-----------

              Bear in mind that on the real deal, if they ask you a question on this, it's going to be absurdly straightforward. They'll show you the sequence diagram THE SAME AS IT'S SHOWN IN FA, but one of the boxes/labels will be missing, and you'll have to identify it.

              If they say a patient had a small polyp per colonoscopy --> APC.

              If they say a pt had a small polyp that wasn't excised but then went back a year later and had a larger polyp --> RAS.

              If they show you a histological image without BM penetration --> APC or RAS.

              If they mention/show any form of invasion --> p53.

              I've never actually seen DCC show up in a practice question (even though it's in FA), but it theoretically goes hand in hand with p53. If they mentioned a DCC mutation, I'd go with basement membrane penetration.

              This is very clear, thank you.
               

              wanderluste

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                That's right. That's exactly how you need to memorize it for the Step1.

                -----------

                Bear in mind that on the real deal, if they ask you a question on this, it's going to be absurdly straightforward. They'll show you the sequence diagram THE SAME AS IT'S SHOWN IN FA, but one of the boxes/labels will be missing, and you'll have to identify it.

                If they say a patient had a small polyp per colonoscopy --> APC.

                If they say a pt had a small polyp that wasn't excised but then went back a year later and had a larger polyp --> RAS.

                If they show you a histological image without BM penetration --> APC or RAS.

                If they mention/show any form of invasion --> p53.

                I've never actually seen DCC show up in a practice question (even though it's in FA), but it theoretically goes hand in hand with p53. If they mentioned a DCC mutation, I'd go with basement membrane penetration.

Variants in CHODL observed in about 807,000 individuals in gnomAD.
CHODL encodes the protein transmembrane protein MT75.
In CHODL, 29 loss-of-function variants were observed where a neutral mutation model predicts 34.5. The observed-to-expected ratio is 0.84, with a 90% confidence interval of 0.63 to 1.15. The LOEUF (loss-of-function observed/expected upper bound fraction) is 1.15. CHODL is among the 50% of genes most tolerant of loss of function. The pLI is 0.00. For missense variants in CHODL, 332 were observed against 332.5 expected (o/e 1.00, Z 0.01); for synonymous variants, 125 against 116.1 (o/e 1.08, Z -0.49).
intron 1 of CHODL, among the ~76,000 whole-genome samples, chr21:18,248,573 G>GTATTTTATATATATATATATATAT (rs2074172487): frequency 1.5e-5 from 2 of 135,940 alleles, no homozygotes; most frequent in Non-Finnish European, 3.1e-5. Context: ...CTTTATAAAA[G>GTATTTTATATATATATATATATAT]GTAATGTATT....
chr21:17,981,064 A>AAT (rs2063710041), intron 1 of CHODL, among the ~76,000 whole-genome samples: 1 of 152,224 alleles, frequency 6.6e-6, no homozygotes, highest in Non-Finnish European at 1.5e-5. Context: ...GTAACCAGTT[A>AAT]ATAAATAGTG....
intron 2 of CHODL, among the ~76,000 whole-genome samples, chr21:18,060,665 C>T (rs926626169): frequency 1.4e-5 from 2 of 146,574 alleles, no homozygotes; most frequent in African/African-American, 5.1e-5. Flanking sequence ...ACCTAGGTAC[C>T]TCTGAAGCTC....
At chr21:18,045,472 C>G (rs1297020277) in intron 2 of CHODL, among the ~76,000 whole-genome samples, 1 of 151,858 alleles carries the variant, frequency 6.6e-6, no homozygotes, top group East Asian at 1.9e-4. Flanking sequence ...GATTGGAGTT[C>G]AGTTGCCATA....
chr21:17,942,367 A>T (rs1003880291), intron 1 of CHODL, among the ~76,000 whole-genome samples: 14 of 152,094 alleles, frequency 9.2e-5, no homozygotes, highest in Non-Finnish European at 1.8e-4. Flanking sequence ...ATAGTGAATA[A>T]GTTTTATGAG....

THANK YOU. You make things really clear! I want to get to your point in knowledge base, good sir! I was just about to ask you the diff btwn mesenteric ischemia and ischemic colitis....but i searched this forum first...and sure enough, you had provided an answer to that person's same question as well!! You are awesome!
                 
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                Jamiu22

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                  You yourself said that APC deletion is a type of DCC though.. What am I missing?

                  No APC is not a type of DCC; DCC, although called Deletion in Colon Cancer is actually a specific gene that codes for a DCC protein.. while APC is another gene that's more often associated with cancer predisposition.

                  But as in all cancers, the progression of a defect to cancer typically involves multisteps and other mutation for the neoplastic cells to grow uncontrollable and then invade. The multisteps required are typical multistep required in colon cancer are APC (typically congenital as heterozygous) -> RAS (acquired) -> P53 (acquired)

                  Check out Pg359 FA2012; Hope this helps...
                   

                  Myxedema

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                    okay i think i figured out what you guys are saying, based on UW question 428 [465277]

                    1. APC loss -> adenomatous polyp
                    2. K-ras mutation -> increase in size of polyp
                    3. DCC -> polyp transforms to adenoma
                    4. p53 loss -> adenoma transforms to carcinoma

                    Polyps are already adenomas.

                    F1.medium.gif
                     

                    CDI

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                      UW also mentions that colorectal carcinoma associated with ulcerative colitis is more likely due to an early p53 mutation and late APC mutation, opposite that of sporadic colorectal carcinoma

                      This is the exact concept I got asked on my real exam. I botched it due to recall error. Know this difference (between ulc col crc & sporadic crc) and also HNPCC & FAP. Should be easy points if you take 5 mins to just memorize it.